This Lambertville Gardener Builds Edible Landscapes

Nancy Kay Anderson is passionate about sustainability—and passing along her knowledge to the next generation.

Nancy Kay Anderson gardening on her Lambertville property with daughter and granddaughters
Nancy Kay Anderson gardening on her Lambertville property with daughter Melanie and granddaughters Eila and Siri. Her tiered garden includes a plethora of fruits and vegetables. Photo by Laura Moss

Nancy Kay Anderson is passionate about the earth. More specifically, she’s passionate about organic, sustainable and biodynamic gardening, about creating an edible landscape that feeds her while inspiring others to do the same. She wants to help save the earth, one plant at a time. Sound intense? Let’s start at the beginning. 

THE HISTORY

Anderson explains that gardening is essential to her heritage. “I come from an amazing line of people that have a living relationship with the natural realm,” she says. “I believe that was passed down to me.” Her father’s lineage is Scandinavian. “We’re Swedes and Fins, and avid gardeners,” she says. Her mother, who was raised on a farm, traces her lineage as Canadian, French and Indian, Anderson says. Toiling in the dirt is clearly in Anderson’s blood, but her childhood surroundings were also crucial to developing her passion. 

Anderson sits on her garden's nearly 200-year-old stone stoo

Anderson relaxes on her nearly 200-year-old stone stoop. Photo by Laura Moss

Born in Alaska, Anderson lived in New Hampshire and New Mexico before settling in New Jersey. The extreme climates of each state have been instrumental in both her education and her way of life. Anderson says her early childhood in Alaska—the land of the midnight sun—was magical. There, she lived in a log cabin with an adjacent greenhouse. “We were surrounded by a beautiful natural realm.” As a third grader, her family moved across the country to New Hampshire. “There was wilderness all around. We skied, hiked, camped and swam,” she says. Anderson packed up her love of the outdoors and took it with her to the University of New Mexico. While there, she also independently studied the medicinal qualities of herbs. “That’s when it all came together,” she says. “I was so interested in getting to know the plants. I’d find the seeds and closely watch them grow through the season.” It was the late ’70s in Albuquerque and the holistic, homeopathic wave was just emerging. Anderson jumped on board.  

Relocating to New Jersey after marrying and having daughter Melanie, Anderson embarked on her first career as a fiber artist, weaving basket forms. “It became my new passion. I exhibited my artwork all around the country,” she says. Still interested in gardening and the symbiotic relationships of plants, earth and humans, Anderson started studying biodynamics. “It’s essentially homeopathy for the earth,” she says. A new career was born.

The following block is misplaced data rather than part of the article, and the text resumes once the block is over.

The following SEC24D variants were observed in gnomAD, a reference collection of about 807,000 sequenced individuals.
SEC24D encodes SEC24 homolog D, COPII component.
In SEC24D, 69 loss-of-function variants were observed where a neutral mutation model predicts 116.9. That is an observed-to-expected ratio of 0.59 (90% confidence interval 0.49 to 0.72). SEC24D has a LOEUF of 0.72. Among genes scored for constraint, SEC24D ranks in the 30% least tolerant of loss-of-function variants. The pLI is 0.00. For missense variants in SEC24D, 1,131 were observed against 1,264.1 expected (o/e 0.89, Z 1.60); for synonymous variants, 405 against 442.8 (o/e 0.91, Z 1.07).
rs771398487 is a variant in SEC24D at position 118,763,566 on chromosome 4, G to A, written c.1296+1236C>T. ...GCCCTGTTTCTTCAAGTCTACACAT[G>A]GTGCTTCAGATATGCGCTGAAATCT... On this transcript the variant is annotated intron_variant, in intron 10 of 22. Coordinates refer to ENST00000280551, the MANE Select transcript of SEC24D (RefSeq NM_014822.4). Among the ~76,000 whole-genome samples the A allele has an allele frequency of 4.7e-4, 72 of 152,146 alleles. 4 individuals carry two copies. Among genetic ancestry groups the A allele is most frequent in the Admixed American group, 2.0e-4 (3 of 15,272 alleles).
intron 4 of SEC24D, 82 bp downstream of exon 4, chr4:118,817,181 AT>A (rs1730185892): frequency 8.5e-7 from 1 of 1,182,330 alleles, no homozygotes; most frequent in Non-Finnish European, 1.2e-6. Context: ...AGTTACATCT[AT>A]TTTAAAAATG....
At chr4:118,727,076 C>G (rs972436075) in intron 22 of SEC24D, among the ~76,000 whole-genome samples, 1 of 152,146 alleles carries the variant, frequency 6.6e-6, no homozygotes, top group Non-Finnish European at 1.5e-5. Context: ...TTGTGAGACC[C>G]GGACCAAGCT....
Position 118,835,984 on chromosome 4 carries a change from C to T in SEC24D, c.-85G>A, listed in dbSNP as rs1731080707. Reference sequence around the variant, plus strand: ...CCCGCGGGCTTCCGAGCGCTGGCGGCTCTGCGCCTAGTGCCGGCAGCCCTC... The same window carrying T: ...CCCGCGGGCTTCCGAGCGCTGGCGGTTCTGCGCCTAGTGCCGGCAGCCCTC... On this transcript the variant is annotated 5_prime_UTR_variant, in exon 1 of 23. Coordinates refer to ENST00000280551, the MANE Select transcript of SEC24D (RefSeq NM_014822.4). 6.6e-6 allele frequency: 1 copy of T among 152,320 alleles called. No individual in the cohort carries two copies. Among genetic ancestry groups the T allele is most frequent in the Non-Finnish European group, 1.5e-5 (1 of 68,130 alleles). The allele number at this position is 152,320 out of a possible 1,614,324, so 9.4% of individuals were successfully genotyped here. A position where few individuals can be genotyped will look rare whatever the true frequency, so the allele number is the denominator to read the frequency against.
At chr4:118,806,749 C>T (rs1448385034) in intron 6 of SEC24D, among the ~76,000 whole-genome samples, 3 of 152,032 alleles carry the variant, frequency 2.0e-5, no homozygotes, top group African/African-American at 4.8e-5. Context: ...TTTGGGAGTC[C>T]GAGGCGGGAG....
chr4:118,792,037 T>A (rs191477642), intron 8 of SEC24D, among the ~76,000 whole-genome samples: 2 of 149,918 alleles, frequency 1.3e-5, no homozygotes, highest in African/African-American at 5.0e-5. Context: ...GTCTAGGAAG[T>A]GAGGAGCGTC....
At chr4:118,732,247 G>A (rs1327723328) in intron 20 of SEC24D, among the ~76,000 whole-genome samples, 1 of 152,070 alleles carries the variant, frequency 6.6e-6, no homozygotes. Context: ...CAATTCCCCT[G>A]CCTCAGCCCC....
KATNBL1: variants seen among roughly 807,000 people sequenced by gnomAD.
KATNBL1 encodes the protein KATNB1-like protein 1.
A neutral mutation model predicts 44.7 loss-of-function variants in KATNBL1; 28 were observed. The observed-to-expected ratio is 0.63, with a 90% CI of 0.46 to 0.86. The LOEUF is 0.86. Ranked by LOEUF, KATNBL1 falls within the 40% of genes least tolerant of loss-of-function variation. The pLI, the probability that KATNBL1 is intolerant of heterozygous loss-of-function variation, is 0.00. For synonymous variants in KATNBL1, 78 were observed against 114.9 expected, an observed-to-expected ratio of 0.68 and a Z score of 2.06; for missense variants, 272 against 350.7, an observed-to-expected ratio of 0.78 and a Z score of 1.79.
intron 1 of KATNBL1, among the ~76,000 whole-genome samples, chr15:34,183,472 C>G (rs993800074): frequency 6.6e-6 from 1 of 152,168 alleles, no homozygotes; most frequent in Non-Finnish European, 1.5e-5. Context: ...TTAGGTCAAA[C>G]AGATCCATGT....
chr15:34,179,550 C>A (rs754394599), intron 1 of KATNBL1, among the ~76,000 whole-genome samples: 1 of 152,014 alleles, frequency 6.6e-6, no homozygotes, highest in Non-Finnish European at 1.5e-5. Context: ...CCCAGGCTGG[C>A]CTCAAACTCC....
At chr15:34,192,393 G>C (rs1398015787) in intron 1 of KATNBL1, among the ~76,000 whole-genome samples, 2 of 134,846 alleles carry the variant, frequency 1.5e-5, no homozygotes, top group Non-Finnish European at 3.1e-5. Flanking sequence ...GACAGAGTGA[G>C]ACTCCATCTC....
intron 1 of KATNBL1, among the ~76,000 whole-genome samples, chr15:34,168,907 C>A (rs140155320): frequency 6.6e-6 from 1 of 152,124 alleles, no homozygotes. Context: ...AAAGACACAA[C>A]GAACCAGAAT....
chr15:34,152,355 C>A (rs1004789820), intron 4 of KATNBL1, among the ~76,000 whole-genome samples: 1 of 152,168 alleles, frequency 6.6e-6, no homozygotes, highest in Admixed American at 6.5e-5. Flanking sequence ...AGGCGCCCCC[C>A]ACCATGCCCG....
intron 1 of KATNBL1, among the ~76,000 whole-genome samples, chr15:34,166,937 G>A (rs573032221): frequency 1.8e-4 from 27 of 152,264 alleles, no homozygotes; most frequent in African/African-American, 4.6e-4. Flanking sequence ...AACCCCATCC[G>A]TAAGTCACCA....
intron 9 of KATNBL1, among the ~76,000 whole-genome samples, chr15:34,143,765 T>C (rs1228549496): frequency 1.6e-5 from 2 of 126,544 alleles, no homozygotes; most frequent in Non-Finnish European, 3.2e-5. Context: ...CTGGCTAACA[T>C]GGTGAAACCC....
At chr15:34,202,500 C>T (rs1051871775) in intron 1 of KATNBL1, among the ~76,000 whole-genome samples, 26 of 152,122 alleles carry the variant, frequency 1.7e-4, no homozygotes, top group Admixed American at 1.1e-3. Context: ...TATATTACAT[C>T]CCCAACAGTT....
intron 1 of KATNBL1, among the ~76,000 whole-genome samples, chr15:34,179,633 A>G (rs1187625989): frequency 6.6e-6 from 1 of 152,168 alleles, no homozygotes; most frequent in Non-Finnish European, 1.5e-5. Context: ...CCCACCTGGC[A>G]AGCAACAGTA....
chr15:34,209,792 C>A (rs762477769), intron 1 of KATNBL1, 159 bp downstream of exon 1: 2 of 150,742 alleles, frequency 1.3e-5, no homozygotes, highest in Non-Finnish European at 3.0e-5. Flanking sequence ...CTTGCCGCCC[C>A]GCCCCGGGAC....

THE PASSION

Nancy and her family in her garden courtyard

The courtyard is a favorite family gathering spot and ideal for arranging flowers. The three-tiered garden is steeply sloped and supported by the stone wall. Photo by Laura Moss

In 2011, Anderson bought a 200-year-old house, located on a ridge in Lambertville. “It overlooks the Delaware River, high up on a steep slope,” she explains. Its terraced garden is 3/4 of an acre. “It’s not a lot but it’s plenty to manage,” she says. 

Eager to sink her hands into the dirt, Anderson started planting, figuring it out one seed at a time. “I was studying the relationships of a single plant to the whole environment,” she explains. Her experiments led to developing a garden filled with fruits, vegetables and flowers, something she calls a “farmette.” “My own garden is a work in progress,” she says “It’s a Farmacy with an F.” Among the native dogwoods and privets, Anderson has a small orchard of apple and pear trees, a plethora of herbs and flowers, berries and carrots, and just about any other fruit or vegetable imaginable. She even has two beehives. “I wanted an edible landscape,” she says of the garden she eats from nearly eight months of the year.

Still, it’s a work in progress, she admits. “My own garden is a living experiment. I learn from it every day.” Her favorite assistants? Granddaughters Eila, 12, and Siri, 9. They both started gardening as toddlers, digging alongside their grandmother, whom they call Mumu. “Siri has the touch, the gift of being able to work with the land,” Anderson says. “It’s not something you can teach.”

That said, Anderson does teach—and her farmette is her textbook. She is eager to share her knowledge of biodynamic gardening with others. “I have a group of nearly a dozen women of all ages who want to study with me, so I’ve set up my property so they can learn,” she says.

Nancy's granddaughters in her garden

Eila and Siri walk among a raised bed of dahlias and zinnias. Both started gardening as toddlers. Photo by Laura Moss

THE PROFESSION

Anderson launched Midnight Sun Designs, a holistic horiticulture company in 2007. Although she’s never advertised, she has a full slate of clients. “My clients come to me for my ability to go on their land and experience what it can become,” she says. “It’s something that is very intuitive.” She’s often hands on in her clients’ gardens and offers them a clear vision of what a blank garden slate can become. “I have the practical science-based knowledge but also the artistic sensibility to create beautiful gardens,” she explains. “I don’t just have a green thumb, I’m empowered to do this.” Anderson believes this is her destiny. “It’s not a job, it’s a vocation,” she says. And she’s not slowing down anytime soon. “I feel it’s important to educate the next generation,” she says. “I’m not a nut, I just want the earth to be alive in 10,000 years. Everyone needs to pick up their own portion of responsibility for the care of our planet and pass it on.” 

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